DIY Christmas light pH probe

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I have been weighing the options of testing soil in the field vs. on the bench for parameters of interest. The parameters I am focusing on are soil ph, temperature, moisture, fertility, conductivity and organic content. Of these seven, only temperature and moisture must be collected in the field. I believe that the others can be more accurately determined in a bench-top environment. I am developing my hardware designs accordingly. The next steps for me are to track down materials to build this ph probe and figure out how to interface it with an arduino board and relay information back to the field science android app through bluetooth. I am also planning to have a conversation with Mike Deibel this week about using optical measurements for organic content and fertility tests (and possibly munsell color tests). I also have a back-burner interest in geophysical surveying techniques for archeological dig sights that is still very much in the research stage.

“Science in a Box” Soil Platform

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My current project is to develop a functional and consistent set of sensors and protocols to collect information about important soil parameters such as pH, fertility, conductivity, temperature, organic content, and moisture. In Iceland and Nicaragua, the approach was to construct a unified soil sensor platform using Arduino and Yoctopuce technology that takes readings in the field.



Screen Shot 2015-09-17 at 10.24.48 AMScreen Shot 2015-09-17 at 10.25.38 AM

The potential benefits of this approach are that every parameter of interest is collected in the field and immediately saved in .csv format on a nexus device. The downside is that it is not particularly easy (or in some cases, possible) to test every parameter in harsh environments accurately or without causing damage to the sensors.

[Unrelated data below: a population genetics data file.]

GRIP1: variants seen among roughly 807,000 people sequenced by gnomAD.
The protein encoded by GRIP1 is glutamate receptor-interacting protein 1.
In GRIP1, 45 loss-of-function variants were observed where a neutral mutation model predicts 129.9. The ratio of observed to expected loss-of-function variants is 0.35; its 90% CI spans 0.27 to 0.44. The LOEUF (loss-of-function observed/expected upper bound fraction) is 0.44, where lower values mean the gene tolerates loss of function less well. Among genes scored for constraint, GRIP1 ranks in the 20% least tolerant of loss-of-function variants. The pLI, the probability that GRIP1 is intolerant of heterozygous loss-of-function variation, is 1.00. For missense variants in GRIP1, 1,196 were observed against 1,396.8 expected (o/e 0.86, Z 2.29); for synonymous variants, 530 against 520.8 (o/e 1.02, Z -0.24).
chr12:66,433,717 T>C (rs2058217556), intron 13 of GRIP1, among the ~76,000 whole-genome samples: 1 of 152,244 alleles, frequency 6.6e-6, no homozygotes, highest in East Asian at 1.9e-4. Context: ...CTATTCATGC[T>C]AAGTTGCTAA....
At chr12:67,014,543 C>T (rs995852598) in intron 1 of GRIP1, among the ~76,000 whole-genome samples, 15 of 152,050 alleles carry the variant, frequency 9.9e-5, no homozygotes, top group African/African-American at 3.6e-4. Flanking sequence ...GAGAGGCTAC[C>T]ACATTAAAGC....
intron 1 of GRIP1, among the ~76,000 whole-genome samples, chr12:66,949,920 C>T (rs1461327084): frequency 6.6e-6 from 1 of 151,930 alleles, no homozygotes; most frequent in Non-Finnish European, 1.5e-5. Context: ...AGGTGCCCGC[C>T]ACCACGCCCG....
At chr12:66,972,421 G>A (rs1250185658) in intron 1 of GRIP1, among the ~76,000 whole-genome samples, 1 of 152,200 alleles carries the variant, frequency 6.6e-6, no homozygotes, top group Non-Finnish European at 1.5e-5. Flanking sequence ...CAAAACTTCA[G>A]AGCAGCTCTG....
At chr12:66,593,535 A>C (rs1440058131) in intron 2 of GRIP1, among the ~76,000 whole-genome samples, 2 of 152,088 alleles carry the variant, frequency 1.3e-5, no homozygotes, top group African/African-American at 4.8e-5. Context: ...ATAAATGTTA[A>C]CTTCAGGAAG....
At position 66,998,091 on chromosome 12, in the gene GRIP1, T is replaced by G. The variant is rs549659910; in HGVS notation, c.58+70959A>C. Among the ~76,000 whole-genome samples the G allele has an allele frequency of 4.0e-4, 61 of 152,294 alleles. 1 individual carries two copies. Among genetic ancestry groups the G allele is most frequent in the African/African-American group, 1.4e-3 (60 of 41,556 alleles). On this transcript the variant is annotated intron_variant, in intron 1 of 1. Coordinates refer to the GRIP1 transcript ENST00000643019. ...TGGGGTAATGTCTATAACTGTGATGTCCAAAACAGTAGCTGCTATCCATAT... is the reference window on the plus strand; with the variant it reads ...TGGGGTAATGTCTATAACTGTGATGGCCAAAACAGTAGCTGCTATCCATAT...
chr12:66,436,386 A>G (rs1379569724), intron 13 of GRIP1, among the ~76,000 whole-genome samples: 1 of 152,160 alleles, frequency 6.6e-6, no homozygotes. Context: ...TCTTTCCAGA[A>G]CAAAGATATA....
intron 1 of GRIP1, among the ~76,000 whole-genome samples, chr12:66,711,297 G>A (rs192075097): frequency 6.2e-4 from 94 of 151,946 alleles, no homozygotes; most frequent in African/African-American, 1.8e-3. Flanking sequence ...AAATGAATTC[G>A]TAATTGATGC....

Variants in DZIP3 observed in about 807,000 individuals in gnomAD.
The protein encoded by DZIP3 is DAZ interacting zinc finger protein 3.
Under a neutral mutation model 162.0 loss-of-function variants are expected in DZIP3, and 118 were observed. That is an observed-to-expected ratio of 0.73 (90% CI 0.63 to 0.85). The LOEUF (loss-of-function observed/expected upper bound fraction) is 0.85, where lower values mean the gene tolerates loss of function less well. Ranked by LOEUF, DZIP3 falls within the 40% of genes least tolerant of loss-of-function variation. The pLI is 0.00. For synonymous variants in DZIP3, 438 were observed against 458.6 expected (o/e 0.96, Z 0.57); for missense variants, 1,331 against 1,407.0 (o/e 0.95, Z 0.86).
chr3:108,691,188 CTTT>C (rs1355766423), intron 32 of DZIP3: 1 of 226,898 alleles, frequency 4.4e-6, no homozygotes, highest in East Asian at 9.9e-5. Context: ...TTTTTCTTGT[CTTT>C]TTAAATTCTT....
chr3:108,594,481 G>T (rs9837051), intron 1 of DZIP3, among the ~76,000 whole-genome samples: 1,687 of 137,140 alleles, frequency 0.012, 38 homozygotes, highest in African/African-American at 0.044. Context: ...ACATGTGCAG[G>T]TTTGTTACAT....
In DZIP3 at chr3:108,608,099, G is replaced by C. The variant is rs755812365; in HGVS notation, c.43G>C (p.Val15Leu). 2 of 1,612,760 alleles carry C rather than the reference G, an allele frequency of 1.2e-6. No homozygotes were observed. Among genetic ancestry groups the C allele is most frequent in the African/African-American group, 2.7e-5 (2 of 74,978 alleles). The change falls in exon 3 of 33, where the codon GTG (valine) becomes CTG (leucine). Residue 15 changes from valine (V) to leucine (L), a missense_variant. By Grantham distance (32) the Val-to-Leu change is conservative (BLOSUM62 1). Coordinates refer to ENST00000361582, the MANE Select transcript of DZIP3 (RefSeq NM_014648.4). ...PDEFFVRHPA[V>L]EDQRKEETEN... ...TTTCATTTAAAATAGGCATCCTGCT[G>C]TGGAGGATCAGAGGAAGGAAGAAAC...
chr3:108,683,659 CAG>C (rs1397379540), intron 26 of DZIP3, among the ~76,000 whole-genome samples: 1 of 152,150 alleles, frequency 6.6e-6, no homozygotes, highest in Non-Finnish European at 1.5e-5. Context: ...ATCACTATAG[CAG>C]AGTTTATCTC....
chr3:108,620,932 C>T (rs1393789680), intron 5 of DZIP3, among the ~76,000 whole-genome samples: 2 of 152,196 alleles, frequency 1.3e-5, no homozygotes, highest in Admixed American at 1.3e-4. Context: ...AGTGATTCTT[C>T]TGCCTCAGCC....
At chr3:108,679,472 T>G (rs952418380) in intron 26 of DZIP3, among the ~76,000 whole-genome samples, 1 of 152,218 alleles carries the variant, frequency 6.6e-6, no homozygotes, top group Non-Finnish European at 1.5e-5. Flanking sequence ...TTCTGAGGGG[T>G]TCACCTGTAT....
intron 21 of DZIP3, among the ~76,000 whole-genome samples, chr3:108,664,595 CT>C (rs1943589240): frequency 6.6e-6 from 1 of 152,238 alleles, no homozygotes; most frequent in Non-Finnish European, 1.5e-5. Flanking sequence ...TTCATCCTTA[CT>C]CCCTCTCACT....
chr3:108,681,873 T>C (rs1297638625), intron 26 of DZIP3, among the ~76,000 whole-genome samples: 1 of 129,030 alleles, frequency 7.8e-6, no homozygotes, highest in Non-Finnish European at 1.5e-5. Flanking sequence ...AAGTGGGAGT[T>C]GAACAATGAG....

With this in mind, I am planning to take a sightly different approach: a sensor for use in the field that measures parameters that must be collected in situ (such as temperature and moisture), supplemented by benchwork preformed in the evening to collect other relevant soil parameters. The evening benchwork would also have hardware and software components. For example LED/photometer sensors could be used to measure organic content and other optical sensors could be used to make observations about the color of the soil and its composition.

The next steps for me are:

  1. Learn more about the chemistry of soil fertility and ph and find a way to test them cheaply without using standard kits.
  2. Consider the hardware element. Look for cheap sensors that are compatible with Arduino boards and begin preliminary designs. I will probably build the temp/moisture sensor first since it most closely follows the paradigm of sensors that have already been developed as a part of this research.


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